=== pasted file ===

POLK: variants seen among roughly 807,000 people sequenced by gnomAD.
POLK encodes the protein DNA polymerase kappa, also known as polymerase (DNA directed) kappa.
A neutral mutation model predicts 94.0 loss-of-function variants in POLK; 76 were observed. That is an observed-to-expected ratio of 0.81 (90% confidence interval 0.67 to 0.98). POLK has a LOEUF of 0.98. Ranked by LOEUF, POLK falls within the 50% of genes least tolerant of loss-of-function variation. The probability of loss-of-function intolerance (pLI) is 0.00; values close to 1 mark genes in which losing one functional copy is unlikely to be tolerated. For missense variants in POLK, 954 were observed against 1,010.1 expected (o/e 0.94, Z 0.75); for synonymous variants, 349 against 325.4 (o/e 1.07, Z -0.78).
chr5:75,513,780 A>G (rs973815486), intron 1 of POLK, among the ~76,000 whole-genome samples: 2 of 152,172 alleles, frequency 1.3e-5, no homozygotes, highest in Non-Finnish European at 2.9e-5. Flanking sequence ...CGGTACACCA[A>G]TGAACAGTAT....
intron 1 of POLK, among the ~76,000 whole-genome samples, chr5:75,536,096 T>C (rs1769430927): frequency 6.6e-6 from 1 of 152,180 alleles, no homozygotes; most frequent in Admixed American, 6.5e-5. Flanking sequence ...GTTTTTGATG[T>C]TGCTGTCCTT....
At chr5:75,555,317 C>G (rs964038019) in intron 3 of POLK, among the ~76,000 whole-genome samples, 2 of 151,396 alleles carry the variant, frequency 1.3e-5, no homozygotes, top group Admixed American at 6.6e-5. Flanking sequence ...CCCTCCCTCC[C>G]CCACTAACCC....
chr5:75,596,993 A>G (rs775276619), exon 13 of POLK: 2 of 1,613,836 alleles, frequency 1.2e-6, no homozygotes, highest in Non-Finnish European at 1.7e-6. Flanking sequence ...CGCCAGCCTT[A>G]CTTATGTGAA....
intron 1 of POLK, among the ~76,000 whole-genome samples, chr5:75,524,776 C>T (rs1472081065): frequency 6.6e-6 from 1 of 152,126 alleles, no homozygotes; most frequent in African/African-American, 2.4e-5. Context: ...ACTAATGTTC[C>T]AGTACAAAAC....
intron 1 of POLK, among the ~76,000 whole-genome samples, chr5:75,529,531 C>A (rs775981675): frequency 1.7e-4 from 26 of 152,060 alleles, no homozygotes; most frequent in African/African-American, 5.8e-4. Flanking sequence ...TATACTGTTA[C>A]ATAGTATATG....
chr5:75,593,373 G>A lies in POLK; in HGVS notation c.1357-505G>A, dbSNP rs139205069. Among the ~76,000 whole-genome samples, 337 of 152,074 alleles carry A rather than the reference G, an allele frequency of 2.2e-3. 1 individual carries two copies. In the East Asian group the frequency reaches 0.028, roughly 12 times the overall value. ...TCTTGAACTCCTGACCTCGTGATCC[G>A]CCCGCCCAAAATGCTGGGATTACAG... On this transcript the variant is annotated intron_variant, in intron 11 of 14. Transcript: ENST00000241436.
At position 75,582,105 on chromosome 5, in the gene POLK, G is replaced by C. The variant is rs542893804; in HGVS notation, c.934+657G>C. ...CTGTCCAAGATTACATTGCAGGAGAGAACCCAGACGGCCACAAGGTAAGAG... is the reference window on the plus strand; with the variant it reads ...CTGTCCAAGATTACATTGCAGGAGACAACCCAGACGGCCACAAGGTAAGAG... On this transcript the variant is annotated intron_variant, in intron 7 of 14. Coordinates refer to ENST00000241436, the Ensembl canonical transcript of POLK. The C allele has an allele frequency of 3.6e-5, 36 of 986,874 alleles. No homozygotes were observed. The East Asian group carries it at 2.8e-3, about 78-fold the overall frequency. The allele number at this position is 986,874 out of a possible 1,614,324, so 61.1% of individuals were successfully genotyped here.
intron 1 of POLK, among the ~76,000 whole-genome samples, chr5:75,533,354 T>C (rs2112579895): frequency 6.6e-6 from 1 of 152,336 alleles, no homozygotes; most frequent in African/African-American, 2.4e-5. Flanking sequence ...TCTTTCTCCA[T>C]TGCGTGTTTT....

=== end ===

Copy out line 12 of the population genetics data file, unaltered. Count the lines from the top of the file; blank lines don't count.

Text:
intron 1 of POLK, among the ~76,000 whole-genome samples, chr5:75,533,354 T>C (rs2112579895): frequency 6.6e-6 from 1 of 152,336 alleles, no homozygotes; most frequent in African/African-American, 2.4e-5. Flanking sequence ...TCTTTCTCCA[T>C]TGCGTGTTTT....